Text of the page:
Lost Ember Review

Reading Time: 6 minutes

Title: Lost Ember
Developer: Mooneye Studios
Publisher: Mooneye Studios
Website: https://www.lostember.com/
Genre: Action, Adventure
Platform: PC
Age Rating: PEGI 7
Release Date: 22/11/2019
Price: £25.99 – Rapid Reviews was very kindly provided with a review code for this title.

If a game tells me I can play as an animal protagonist, my interest is immediately piqued. Add a bit of magic and the ability to shapeshift into other sweet animals, I’m even more intrigued. Place all of this into a natural setting with lush scenery and gorgeous lighting, I have no option but to give the game a go!

From Lost Ember’s trailer, I could already tell it had all the makings of a game I’d enjoy. Thankfully, I wasn’t let down and it had all the elements of an outstanding game. A killer story, beautiful scenery, and of course adorable animals.

Life finds a way

Playing as Wolf, you meet a lost spirit in the form of a glowing red orb. He suspects that Wolf is locked out of the City of Light, their people’s belief of the afterlife; that they are a lost ember. He’s trapped and can’t move past a barrier, wondering why he also hasn’t made it there, so you must help him break through.

In order to break through these barriers in each level, you revisit memories of your past life, before mankind fell and nature thrived. By doing so you learn more about the people and the identity of both Wolf and his companion. What did Wolf do that was so bad they were forbidden from the City of Light? Is Wolf really who the visions show?

The journey to unveil these memories takes you across the fields, lakes, mountains and skies of this breathtaking world, for Wolf is able to take the form of any animal you come across. I loved the entire spiritual element relating to animals, reminding me very much of Disney’s Brother Bear.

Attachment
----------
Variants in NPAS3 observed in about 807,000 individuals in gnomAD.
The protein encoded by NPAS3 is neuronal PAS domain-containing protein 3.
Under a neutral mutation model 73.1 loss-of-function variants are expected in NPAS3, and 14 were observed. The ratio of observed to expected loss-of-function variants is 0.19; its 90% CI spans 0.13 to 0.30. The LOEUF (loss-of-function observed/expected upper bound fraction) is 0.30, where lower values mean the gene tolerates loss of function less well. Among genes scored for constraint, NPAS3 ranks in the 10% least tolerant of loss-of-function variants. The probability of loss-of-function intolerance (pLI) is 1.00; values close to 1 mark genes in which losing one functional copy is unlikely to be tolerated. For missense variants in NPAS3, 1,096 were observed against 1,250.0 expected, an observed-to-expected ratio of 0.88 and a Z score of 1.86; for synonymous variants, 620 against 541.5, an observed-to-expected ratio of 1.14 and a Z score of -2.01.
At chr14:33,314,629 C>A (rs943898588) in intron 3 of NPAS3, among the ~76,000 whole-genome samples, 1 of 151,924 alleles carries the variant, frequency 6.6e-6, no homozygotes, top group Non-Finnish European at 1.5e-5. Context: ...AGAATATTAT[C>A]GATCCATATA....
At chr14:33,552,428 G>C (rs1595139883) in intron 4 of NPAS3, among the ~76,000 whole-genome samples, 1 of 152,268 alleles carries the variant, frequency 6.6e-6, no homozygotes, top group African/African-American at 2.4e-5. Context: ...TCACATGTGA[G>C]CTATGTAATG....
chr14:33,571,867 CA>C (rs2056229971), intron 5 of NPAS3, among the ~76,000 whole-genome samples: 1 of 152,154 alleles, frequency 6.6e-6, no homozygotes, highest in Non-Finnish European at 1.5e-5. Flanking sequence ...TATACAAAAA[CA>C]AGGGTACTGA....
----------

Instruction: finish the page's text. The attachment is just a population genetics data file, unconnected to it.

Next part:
This mission to discover the truth puts strain on the friendship between Wolf and the lost spirit, causing great conflict for the story. I was eager to discover who they were and their stories of the past; I could have easily sat and played the game in one sitting, but I wanted to savour it and not rush the experience! There were many twists and turns as well as shocking moments, with a great exploration of morals. Is anyone truly good or evil, and should we judge them from only a few actions?

This philosophical and exciting story was written so well, particularly for the short time frame, as everything was wrapped up neatly. I found myself thinking about it and wanting to play more, but what really kept me attached was the incredible gameplay and visuals.

Wolves, and elephants, and goats, oh my…

The aspect of becoming different animals was done in such an immersive way. The controls were easy to pick up, Wolf being able to sprint, jump, and use wolf sense. It is also compatible with an Xbox controller if you’re not a fan of mouse and keyboard. However, each animal would have a certain ability to help you progress. Helpfully, with each new control or ability, a visual would pop up on screen to aid you. For example, a mole can dig underground to reach a new area that Wolf can’t, and a fish can swim down river.

Changing forms and discovering new animals was a joy. I would often let out a gasp when I saw a new animal, like a baby duckling or a turtle! One of my favourite aspects was that some animals were completely useless, such as a sloth who moved achingly slow, or could do actions like eating vegetables which served no purpose. It was purely for the player’s enjoyment, making the game so much more charming!